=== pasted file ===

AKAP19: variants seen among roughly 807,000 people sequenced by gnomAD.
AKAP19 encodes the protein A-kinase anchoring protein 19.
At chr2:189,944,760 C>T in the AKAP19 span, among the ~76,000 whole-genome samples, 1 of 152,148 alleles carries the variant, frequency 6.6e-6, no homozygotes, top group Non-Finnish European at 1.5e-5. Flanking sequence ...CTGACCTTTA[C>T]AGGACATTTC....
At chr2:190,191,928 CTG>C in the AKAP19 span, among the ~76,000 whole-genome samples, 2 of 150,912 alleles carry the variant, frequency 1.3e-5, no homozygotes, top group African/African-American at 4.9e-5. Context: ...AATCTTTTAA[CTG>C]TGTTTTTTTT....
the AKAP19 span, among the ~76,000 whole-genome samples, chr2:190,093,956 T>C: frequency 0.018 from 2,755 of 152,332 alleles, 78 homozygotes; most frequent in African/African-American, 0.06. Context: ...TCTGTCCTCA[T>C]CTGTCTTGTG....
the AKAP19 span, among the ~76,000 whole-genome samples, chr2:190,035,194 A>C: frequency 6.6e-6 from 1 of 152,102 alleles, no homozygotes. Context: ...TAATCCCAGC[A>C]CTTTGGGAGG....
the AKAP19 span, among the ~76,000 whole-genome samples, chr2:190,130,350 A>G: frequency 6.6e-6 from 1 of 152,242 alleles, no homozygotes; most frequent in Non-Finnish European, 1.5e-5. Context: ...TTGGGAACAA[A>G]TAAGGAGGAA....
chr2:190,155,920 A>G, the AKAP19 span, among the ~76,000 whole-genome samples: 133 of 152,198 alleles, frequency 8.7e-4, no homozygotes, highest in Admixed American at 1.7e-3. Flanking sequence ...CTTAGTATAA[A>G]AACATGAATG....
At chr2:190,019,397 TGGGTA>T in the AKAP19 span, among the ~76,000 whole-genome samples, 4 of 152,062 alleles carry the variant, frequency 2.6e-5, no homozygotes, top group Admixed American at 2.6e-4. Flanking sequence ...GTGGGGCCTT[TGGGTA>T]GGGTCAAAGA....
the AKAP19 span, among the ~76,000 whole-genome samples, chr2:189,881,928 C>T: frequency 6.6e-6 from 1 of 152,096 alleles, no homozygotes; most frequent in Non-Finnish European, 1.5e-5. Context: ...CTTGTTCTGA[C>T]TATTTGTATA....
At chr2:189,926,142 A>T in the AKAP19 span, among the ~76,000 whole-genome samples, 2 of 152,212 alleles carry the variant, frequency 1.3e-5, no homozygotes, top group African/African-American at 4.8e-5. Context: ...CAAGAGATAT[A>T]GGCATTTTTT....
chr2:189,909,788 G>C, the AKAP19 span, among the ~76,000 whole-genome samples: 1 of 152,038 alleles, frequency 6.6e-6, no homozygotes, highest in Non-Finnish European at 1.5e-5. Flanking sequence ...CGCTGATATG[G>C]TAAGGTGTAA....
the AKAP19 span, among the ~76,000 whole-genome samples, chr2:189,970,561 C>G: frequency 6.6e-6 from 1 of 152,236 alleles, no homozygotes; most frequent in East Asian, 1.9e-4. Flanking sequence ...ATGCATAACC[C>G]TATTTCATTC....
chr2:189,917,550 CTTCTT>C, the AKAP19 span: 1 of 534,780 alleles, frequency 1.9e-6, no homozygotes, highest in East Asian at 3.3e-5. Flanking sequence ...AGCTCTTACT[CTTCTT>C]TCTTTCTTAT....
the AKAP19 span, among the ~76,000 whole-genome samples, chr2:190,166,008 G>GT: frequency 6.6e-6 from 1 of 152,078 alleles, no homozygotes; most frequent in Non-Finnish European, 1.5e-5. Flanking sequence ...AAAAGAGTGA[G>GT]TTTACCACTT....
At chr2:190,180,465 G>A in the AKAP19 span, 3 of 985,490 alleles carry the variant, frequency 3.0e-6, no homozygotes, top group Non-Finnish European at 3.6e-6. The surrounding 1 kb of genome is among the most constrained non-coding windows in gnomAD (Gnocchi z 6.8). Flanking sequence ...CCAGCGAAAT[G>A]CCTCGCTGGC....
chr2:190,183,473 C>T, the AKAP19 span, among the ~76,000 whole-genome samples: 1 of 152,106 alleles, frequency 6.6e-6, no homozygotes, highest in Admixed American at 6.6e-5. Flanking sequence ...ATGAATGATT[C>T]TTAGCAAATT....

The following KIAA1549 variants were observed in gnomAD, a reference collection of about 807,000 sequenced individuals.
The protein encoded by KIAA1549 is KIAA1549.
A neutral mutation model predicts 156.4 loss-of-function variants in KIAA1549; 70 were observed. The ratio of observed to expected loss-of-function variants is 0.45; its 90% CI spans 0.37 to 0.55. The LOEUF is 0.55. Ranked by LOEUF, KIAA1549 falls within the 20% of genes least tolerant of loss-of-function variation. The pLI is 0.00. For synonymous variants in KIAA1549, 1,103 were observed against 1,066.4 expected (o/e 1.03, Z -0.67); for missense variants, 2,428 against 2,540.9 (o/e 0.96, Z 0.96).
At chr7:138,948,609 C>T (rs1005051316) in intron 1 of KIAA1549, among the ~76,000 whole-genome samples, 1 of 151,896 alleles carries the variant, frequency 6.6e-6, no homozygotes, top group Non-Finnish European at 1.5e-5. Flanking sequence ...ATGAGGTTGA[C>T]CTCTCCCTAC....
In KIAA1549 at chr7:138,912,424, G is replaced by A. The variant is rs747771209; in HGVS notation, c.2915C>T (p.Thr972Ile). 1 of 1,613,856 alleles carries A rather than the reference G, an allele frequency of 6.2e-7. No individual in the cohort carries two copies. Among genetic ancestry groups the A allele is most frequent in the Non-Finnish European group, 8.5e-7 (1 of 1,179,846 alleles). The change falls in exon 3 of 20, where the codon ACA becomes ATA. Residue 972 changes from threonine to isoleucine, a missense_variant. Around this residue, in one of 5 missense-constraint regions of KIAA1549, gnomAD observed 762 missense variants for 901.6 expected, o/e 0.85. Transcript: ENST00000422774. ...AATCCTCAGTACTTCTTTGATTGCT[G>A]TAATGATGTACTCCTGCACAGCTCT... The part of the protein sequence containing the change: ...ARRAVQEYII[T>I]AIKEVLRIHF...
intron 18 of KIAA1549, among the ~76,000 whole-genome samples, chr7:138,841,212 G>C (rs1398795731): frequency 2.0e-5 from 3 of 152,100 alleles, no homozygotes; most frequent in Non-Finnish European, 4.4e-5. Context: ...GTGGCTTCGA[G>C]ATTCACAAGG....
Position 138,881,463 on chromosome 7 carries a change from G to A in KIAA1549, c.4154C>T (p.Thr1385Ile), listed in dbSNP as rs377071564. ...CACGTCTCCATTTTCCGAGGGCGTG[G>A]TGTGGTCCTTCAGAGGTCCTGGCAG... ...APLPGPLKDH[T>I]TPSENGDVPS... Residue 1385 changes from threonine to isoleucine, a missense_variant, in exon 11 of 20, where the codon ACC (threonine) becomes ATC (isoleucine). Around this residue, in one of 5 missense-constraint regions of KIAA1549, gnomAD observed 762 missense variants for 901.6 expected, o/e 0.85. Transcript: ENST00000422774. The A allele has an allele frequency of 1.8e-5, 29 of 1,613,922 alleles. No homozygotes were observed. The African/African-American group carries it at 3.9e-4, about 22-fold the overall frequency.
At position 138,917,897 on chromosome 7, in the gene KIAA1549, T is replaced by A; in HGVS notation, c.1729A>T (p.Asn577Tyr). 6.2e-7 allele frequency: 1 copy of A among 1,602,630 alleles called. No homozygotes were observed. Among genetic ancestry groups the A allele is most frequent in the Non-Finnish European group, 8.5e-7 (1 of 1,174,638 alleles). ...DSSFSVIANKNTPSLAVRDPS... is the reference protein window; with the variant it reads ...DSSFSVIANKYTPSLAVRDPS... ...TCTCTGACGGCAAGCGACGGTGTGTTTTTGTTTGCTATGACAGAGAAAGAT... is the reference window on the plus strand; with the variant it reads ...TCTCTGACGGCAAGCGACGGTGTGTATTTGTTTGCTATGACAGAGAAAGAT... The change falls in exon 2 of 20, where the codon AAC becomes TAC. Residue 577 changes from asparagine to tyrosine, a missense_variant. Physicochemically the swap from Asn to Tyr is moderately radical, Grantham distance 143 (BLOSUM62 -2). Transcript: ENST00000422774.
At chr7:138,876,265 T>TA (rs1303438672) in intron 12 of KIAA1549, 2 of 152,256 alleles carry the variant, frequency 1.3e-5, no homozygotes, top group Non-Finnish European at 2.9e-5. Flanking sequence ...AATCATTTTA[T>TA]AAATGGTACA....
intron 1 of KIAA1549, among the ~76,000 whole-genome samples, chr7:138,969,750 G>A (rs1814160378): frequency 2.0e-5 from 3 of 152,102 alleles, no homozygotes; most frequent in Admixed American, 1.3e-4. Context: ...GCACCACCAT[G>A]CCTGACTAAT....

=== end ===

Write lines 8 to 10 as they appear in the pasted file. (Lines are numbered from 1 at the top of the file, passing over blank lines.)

chr2:190,155,920 A>G, the AKAP19 span, among the ~76,000 whole-genome samples: 133 of 152,198 alleles, frequency 8.7e-4, no homozygotes, highest in Admixed American at 1.7e-3. Flanking sequence ...CTTAGTATAA[A>G]AACATGAATG....
At chr2:190,019,397 TGGGTA>T in the AKAP19 span, among the ~76,000 whole-genome samples, 4 of 152,062 alleles carry the variant, frequency 2.6e-5, no homozygotes, top group Admixed American at 2.6e-4. Flanking sequence ...GTGGGGCCTT[TGGGTA>T]GGGTCAAAGA....
the AKAP19 span, among the ~76,000 whole-genome samples, chr2:189,881,928 C>T: frequency 6.6e-6 from 1 of 152,096 alleles, no homozygotes; most frequent in Non-Finnish European, 1.5e-5. Context: ...CTTGTTCTGA[C>T]TATTTGTATA....